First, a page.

Coming from one so thoroughly capable of giving a reliable and valued opinion on the “Art of Acting,” Miss Fanny Davenport’s contribution to the subject in the Boston Times, of October 23, may be read with the greatest interest. This great actress points out how useful in the future it would be if those “who have thought, studied, struggled and won,” would write down their methods, ideas of characters, and studying of them,” so that there should be a lasting record of the means by which the success in various roles had been arrived at. To the question “Is absolute feeling preferable to simulation of it in a true artist?” Miss Davenport gives excellent reasons for preferring the latter, (50) one of the most cogent being that “when one loses one’s self in an emotion and is overcome by it, he loses control of that which should be responsive to his lightest touch”—and gives a definition of a genius “one who stands alone among his fellows,” and points out that the greatest “worked, struggled, and even starved, rather than degrade those gifts and their God-given powers.” Miss Davenport compares the methods of Macready and of Rachel and of her own grand achievements in the past; and with the modesty of true greatness, says “my best results have been through my greatest study and work” (51).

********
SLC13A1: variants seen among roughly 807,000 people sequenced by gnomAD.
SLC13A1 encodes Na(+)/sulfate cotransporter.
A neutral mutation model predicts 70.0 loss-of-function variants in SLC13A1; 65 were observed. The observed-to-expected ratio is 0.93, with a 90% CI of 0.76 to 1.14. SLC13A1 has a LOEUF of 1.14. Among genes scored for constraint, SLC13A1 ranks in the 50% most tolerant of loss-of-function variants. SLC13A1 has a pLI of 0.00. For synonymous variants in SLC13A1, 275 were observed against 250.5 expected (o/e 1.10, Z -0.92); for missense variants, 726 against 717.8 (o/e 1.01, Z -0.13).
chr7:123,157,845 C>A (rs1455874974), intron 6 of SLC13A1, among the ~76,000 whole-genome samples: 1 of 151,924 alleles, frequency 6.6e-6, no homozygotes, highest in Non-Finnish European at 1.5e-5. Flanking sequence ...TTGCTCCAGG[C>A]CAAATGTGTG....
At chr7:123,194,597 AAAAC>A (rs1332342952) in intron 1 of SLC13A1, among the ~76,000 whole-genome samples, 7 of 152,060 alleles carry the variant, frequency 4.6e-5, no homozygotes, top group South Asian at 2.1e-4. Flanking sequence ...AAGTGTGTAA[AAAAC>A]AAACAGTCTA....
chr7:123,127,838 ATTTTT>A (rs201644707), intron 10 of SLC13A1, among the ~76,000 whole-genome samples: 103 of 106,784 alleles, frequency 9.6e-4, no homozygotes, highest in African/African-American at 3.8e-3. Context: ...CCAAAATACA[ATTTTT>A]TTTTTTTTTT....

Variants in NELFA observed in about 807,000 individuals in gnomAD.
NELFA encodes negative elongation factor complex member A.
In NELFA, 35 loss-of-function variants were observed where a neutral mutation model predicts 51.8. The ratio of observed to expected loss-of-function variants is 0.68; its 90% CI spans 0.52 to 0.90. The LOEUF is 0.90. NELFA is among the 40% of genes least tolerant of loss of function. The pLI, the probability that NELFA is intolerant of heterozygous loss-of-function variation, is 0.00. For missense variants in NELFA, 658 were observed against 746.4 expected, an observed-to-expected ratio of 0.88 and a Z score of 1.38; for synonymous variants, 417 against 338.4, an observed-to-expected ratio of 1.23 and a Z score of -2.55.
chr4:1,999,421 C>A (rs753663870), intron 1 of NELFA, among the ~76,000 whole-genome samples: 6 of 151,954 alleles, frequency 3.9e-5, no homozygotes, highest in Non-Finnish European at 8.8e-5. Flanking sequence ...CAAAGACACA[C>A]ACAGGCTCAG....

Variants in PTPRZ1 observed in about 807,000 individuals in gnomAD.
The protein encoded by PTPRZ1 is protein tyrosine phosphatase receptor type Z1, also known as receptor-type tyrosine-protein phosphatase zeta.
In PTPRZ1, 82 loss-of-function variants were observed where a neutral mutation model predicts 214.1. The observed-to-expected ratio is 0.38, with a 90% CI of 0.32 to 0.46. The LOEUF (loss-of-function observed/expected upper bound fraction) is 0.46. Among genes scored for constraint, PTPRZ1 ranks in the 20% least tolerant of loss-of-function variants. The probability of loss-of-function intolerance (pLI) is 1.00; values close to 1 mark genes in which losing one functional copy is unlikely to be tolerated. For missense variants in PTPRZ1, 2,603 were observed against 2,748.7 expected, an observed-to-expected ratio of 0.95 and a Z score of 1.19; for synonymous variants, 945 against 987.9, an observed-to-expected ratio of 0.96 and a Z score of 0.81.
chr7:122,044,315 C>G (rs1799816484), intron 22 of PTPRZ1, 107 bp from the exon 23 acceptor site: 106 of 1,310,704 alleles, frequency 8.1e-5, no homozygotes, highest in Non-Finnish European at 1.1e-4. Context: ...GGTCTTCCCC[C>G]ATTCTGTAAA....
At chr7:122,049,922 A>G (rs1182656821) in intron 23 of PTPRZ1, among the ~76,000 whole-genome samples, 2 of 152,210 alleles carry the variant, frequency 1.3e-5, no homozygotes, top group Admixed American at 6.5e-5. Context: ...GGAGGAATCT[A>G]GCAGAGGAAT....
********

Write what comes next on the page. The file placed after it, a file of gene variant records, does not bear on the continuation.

The Theatre: A Monthly Review of the Drama, Music, and the Fine Arts 1/1888: 50-51. Print.